January 4 is the feast day of the Blessed Angela of Foligno.
Angela was born around 1248 in Foligno, a few miles away from Assisi, Italy. She married around the age of 20, but her husband’s name is not known. She and her husband had several sons, and lived a life of superficial self-indulgence and moral laxity before Angela experienced a conversion, Not long after Angela’s conversion, her mother, her husband, and all of her sons died within a short space of time. For five and a half years, she struggled to overcome her sinful past, unsatisfied with her progress, engaging in strange behavior trying to become poor, following the example of St. Francis. Her counselors cautioned her about the dangers of this path, fearing that she might be sick or possessed. Not until 1291 did the Franciscans allow her to make her profession in the Third Order of St. Francis.
That year, she traveled to Rome with a few companions. Stopping at a small chapel during their journey, Angela received a great manifestation of the Trinity, which she had been promised in a recent vision. She returned from Assisi feeling an intimacy with God, but her confessor, Brother Arnoldo, who had seen it, feared that her experiences were prompted by an evil spirit. Brother Arnoldo prompted her to tell him everything, and her resulting narrative, placed in writing, is her Memorial, the first part of The Book of the Blessed Angela. The second part of her Book is the Instructions, made up of the teachings she gave to a small group of Franciscans who gathered around her in the later years of her life and considered her to be their spiritual mother. She died on January 4, 1309.
Here are some excerpts from her Book (Instructions), translated by Paul Lachance, and published in Angela of Foligno: Complete Works (Classics of Western Spirituality Series), Paulist Press, 1993:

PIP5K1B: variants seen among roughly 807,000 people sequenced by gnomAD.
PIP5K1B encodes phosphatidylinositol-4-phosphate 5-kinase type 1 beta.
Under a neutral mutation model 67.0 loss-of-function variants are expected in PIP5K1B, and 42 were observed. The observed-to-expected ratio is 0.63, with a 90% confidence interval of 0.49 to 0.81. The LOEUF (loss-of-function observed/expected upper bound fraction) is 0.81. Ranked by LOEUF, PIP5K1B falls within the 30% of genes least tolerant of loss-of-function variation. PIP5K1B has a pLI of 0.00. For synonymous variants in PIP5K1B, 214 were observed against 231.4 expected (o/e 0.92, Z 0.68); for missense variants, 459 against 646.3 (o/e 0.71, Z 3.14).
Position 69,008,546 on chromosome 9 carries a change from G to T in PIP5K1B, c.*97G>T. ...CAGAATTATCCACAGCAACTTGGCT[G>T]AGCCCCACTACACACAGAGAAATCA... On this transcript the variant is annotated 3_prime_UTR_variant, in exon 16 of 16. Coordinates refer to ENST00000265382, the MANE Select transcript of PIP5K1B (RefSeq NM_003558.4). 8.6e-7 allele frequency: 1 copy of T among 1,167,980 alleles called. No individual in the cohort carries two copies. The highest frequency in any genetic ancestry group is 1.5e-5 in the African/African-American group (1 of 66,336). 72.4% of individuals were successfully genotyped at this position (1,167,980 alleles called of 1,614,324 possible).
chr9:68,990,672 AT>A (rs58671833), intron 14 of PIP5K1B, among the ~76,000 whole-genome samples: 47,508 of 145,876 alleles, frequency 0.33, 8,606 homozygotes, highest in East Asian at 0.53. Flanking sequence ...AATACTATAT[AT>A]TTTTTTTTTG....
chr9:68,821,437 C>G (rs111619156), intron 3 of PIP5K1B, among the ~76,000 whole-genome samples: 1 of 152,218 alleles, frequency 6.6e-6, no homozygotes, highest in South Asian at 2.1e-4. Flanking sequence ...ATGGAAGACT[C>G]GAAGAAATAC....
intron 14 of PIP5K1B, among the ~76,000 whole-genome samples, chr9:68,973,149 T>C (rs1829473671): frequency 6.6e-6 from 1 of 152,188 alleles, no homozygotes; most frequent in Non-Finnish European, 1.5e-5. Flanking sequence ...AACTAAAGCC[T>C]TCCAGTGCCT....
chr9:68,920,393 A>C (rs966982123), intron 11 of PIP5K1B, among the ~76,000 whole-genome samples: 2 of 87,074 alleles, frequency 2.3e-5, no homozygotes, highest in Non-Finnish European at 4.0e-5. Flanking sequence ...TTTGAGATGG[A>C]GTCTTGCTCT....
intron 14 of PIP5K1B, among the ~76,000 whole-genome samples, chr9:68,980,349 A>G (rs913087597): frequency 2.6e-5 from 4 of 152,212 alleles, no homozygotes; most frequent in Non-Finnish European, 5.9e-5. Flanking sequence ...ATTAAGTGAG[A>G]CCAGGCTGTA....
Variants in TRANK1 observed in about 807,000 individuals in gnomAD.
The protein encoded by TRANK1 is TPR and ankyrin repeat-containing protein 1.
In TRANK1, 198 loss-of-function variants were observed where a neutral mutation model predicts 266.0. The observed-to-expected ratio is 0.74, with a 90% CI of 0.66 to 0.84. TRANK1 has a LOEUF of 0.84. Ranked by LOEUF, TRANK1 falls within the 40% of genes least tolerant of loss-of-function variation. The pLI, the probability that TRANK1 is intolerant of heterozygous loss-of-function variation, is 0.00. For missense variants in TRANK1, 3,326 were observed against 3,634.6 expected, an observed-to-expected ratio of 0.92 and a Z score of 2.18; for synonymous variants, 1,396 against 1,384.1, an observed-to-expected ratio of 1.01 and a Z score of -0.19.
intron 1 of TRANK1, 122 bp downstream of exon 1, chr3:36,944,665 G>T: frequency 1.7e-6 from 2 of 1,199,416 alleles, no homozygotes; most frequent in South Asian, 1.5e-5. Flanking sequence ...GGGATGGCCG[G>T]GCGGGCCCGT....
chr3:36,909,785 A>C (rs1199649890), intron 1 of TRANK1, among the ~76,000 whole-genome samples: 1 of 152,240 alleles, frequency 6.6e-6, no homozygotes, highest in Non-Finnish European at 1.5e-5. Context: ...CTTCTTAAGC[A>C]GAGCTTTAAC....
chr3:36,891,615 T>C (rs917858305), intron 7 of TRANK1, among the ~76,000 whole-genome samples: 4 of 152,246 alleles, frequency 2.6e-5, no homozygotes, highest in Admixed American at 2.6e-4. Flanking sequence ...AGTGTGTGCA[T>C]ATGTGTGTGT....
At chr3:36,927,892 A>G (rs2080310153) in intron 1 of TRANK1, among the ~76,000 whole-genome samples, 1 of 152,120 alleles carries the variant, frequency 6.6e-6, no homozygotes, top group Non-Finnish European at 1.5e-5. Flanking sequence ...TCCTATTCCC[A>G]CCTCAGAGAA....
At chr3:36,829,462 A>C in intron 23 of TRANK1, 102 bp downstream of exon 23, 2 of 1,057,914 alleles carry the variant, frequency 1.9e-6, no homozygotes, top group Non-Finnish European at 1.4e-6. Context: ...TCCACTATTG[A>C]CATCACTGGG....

“The purpose of prayer is nothing other than to manifest God and self. And this manifestation of God and self leads to a state of perfect and true humility. For this humility is attained when the soul sees God and self. It is in this profound state of humility, and from it, that divine grace deepens and grows in the soul. The more divine grace deepens humility in the soul, the more divine grace can grow in this depth of humility. The more divine grace grows, the deeper the soul is grounded, and the more it is settled in a state of true humility. Through perseverance in true prayer, divine light and grace increase, and these always make the soul grow deep in humility as it reads, as it has been said, the life of Jesus Christ, God and man. I cannot conceive anything greater than the manifestation of God and self. But this discovery, that is, this manifestation of God and self, is the lot only of those legitimate sons of God who have devoted themselves to true prayer.” [Instruction III]
“In order to do better, examine your life carefully every day; recollect yourselves for this purpose at least once a day; and pass in review before the eyes of your soul all the time that has gone by. If the time has been well spent, praise the Lord, and if to the contrary, moan and grieve for the evil you have done. This is the true circumcision of the soul prefigured in Christ’s own circumcision. Let us give thanks to God. [Instruction V]
“Judge no one, even when you see someone commit mortal sin. I do not tell you that sin should not displease you, or that you should not abhor sin, but I say that you should not judge sinners, because you do not know the judgments of God. For many seem to us to be saved and are actually damned before God, and there are many who seem to us to be damned and are saved by God. I can tell you that there are some whom you have despised, who stray, that is, who are destroying the good things they have begun, but about whom I entertain a strong hope that God will lead them back to his way.” [Instruction XXXVI]